York City skipper Manny Panther is a man on a mission inspired by his Scottish roots and the happiest' person he has ever known - his dad. DAVE FLETT reports.

MANNY Panther might be a lifelong Glasgow Rangers fan but it's a green-and-white hooped hero that provides his role model as York City captain.

As a teenage midfielder, Panther twice played in front of 60,000 fans at Celtic's famous Parkhead stadium.

In only the 12th and 15th appearances of his professional career, he tasted defeat against the former European champions with St Johnstone and Partick Thistle.

But he still cherishes the memory of both occasions and admits the attitude of ex-Northern Ireland skipper Neil Lennon remains an example when he leads City out on match days.

"I came on as a substitute the second time for Partick and came up against Neil Lennon," Panther recalls. "They were leading 3-0 but he was still screaming at his players to bury us - even in injury time.

"I thought to myself Why are you so mad?' but he was a total professional and demanded the same from his team-mates. He was their captain and I try to learn from every game so, as York City captain, I remember what he was like in that match.

"You must always demand the best from your players and, when I'm playing for York, I try and drive the boys on to score as many goals as we can. You can relax at the end of games and the manager (Billy McEwan) tells us at least once a week that he missed out on promotion by goal difference as a player so it is important."

The wide-eyed Panther also played on the same pitch as Swedish legend Henrik Larsson during that second trip to Parkhead and was equally as impressed, adding: "His movement and awareness was different class.

"He sometimes looks like he's out of the game for long periods and just pops up with a goal but I asked the Partick defenders about him afterwards and they said he was a nightmare to play against because he was always on the move."

Rangers, though, remain close to Panther's heart in a love affair that was ignited when Paul Gascoigne blazed on to the Scottish Premier League scene 12 years ago.

"It was amazing to see that type of player sign for a Scottish team and he was great up there," Panther enthuses.

"Playing at Parkhead in front of 60,000 fans was unbelievable and it's somewhere any player would want to play but I never played at Ibrox which is a great shame and still one of my ambitions."

While Lennon and Gascoigne might have left lasting impressions on an adolescent Panther, the player's lifelong inspiration has been his father.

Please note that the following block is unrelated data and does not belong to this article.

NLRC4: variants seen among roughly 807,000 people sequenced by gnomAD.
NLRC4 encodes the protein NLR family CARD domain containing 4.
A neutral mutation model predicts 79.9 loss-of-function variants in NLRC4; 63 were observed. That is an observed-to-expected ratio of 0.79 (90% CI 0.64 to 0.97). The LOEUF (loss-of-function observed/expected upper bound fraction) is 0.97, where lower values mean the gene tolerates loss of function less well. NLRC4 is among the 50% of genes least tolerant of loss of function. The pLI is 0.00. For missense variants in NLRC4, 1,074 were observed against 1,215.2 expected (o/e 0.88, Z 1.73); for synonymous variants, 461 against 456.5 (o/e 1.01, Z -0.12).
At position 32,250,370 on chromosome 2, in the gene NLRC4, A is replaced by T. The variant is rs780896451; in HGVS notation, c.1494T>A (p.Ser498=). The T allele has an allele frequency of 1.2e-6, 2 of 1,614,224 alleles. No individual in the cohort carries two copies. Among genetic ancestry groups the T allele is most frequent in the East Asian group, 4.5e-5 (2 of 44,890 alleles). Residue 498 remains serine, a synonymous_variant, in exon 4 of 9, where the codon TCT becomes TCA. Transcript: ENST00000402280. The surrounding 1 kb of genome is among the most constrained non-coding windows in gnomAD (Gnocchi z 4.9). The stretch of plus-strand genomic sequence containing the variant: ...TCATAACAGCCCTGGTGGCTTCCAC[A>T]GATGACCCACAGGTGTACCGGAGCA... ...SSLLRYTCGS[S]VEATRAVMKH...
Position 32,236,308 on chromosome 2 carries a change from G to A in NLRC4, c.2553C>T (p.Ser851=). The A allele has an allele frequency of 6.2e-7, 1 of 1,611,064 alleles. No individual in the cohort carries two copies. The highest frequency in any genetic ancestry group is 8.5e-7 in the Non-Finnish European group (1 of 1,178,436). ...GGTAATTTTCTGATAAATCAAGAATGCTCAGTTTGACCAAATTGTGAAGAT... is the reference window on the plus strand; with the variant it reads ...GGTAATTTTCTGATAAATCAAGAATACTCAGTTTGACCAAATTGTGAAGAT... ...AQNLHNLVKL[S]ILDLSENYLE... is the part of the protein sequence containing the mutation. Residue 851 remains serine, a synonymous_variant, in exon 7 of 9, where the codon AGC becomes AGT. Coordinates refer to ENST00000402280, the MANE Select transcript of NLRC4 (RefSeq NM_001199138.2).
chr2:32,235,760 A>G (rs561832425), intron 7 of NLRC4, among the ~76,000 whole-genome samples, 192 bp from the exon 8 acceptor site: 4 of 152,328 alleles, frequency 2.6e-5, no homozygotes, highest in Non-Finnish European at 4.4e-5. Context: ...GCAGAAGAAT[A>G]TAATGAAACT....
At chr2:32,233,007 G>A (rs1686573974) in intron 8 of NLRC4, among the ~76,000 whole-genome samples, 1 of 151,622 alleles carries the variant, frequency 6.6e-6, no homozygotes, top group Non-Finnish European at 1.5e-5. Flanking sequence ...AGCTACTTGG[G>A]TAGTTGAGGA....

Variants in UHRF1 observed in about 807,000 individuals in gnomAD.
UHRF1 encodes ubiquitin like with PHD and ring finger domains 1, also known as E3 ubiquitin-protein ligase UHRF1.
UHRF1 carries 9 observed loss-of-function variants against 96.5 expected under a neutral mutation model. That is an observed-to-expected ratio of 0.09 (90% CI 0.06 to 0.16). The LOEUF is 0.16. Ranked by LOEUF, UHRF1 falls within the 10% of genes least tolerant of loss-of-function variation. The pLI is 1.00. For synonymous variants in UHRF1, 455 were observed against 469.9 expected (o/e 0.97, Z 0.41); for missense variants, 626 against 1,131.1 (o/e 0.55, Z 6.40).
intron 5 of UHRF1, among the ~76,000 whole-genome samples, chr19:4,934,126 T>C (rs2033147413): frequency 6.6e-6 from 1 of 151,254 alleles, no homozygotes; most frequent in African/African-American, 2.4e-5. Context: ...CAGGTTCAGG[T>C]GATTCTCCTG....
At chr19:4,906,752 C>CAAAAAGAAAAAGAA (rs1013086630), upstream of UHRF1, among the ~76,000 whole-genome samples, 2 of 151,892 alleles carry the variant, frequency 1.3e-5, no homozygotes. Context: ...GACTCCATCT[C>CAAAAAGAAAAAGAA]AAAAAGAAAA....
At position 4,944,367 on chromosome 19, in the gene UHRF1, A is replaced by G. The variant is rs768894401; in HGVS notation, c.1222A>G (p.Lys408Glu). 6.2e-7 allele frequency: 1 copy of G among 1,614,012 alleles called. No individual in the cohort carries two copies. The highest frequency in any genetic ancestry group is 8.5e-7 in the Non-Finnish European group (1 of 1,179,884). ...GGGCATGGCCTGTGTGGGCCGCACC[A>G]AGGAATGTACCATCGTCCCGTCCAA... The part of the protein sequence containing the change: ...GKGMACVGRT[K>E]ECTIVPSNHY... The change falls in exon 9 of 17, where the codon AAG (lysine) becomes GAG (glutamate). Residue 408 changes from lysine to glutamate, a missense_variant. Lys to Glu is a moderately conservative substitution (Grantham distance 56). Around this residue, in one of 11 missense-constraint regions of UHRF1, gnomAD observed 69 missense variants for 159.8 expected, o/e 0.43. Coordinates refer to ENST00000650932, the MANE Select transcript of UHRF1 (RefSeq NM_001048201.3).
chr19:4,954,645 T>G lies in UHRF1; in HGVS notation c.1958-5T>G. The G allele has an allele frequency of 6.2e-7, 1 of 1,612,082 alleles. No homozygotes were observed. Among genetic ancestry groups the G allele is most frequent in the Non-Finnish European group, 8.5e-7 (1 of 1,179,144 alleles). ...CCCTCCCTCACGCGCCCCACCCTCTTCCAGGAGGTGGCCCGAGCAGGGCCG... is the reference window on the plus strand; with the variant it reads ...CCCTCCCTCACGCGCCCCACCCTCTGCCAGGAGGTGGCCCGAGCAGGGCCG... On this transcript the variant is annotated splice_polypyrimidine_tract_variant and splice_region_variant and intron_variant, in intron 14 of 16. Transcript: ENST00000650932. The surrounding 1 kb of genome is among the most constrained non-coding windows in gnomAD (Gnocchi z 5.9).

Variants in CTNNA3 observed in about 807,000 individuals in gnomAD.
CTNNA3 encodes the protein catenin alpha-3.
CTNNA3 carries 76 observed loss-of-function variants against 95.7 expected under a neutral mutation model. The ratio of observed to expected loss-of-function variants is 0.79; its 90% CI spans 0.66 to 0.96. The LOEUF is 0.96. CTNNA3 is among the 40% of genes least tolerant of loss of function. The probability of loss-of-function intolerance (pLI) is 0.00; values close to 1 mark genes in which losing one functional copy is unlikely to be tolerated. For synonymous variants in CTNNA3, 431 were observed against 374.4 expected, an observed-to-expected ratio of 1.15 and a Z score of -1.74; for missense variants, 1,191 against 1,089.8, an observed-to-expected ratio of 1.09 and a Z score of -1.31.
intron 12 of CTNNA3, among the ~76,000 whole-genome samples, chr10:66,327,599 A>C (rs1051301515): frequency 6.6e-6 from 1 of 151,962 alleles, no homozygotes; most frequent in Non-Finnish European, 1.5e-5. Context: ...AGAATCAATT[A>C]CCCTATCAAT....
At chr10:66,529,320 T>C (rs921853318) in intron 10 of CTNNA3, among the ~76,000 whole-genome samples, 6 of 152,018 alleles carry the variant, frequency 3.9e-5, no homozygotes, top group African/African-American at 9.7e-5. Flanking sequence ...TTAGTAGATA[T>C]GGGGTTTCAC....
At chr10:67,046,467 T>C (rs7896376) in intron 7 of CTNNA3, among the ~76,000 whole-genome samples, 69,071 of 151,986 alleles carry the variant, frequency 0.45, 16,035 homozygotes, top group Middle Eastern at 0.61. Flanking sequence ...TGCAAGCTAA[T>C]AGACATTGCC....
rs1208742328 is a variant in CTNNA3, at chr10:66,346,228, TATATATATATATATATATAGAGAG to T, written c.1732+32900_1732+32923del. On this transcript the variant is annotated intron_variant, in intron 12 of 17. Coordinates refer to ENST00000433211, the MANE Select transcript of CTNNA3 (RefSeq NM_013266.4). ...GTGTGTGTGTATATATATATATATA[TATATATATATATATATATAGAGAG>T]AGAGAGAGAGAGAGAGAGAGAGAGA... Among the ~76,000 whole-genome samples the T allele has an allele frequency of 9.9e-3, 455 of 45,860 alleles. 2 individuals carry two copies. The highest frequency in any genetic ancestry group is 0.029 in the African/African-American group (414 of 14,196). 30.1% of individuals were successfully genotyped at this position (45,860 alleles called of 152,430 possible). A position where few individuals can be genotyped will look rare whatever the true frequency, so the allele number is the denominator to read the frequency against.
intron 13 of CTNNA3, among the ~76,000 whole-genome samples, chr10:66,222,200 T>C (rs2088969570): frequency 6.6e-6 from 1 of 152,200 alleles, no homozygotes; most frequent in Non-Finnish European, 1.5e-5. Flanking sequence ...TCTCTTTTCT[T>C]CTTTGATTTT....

Cyril Panther was a Nigerian light-middleweight boxing champion in the 1960s before moving to Britain on the advice of his manager.

Cateract problems, however, left Cyril blind and the 23-year-old midfielder's admiration for the manner in which his father has led his life since is obvious.

"My dad is my biggest inspiration," a proud Panther said.

"He's been blind since I was born but he's still a fit and strong man and nothing gets him down. He's the happiest person I know.

"I come from a sporting and athletic family. My brother and I did some boxing training when we were young and I was always first at school in long-distance running but I was football daft and it was my number one passion."

Panther's passion led to a call-up for the Scotland Under-15 schoolboy team where he played at right-wing-back and lined up alongside a highly-rated midfielder who became a Premiership champion last season.

"I played for Scotland schoolboys with Darren Fletcher," Panther revealed.

"Everybody knew about him at that age and every club in Britain was after him but he ended up signing for Manchester United in Sir Alex Ferguson's home.

"After that, it was crazy. We went to places in Europe with Scotland and people would be coming up asking for his autograph especially in Ireland where they are Manchester United daft."

Panther remains a hugely patriotic Scot while maintaining an allegiance with his father's homeland.

He added: "I enjoyed Nigeria becoming Olympic champions in 1996 but I've always been a strong Scotland supporter and, given the choice between the two countries, I'd play for Scotland. It's my culture and I always try to get home to watch their games."

Despite his loyalties north of the border, though, Panther has no regrets following his move to Yorkshire two years ago.

Money problems and managerial changes had seen his career stall in Scotland and, after being loaned out to second division Brechin City, Panther decided it was time for a new challenge.

He said: "I was offered a new contract at Partick but I wanted to get my career moving in the right direction. When my agent said What about the Conference?' I thought No way'.

"I wanted to go to England because that's the place to be as a footballer but I wasn't too sure about Conference football.

"My agent said Just go down, have a look and have a word with the manager'.

"I did and was impressed with the ground, the training ground and the whole set-up. I knew it was the right club.

"The manager also made me feel wanted which I needed at that time and I could relate to him because he had made the same move from Scotland as a player.

"I was still living at home in Glasgow but it was one of those decisions you have to make in life and I think it's paid off.

"I love Yorkshire people and York's a lovely place where anybody could settle."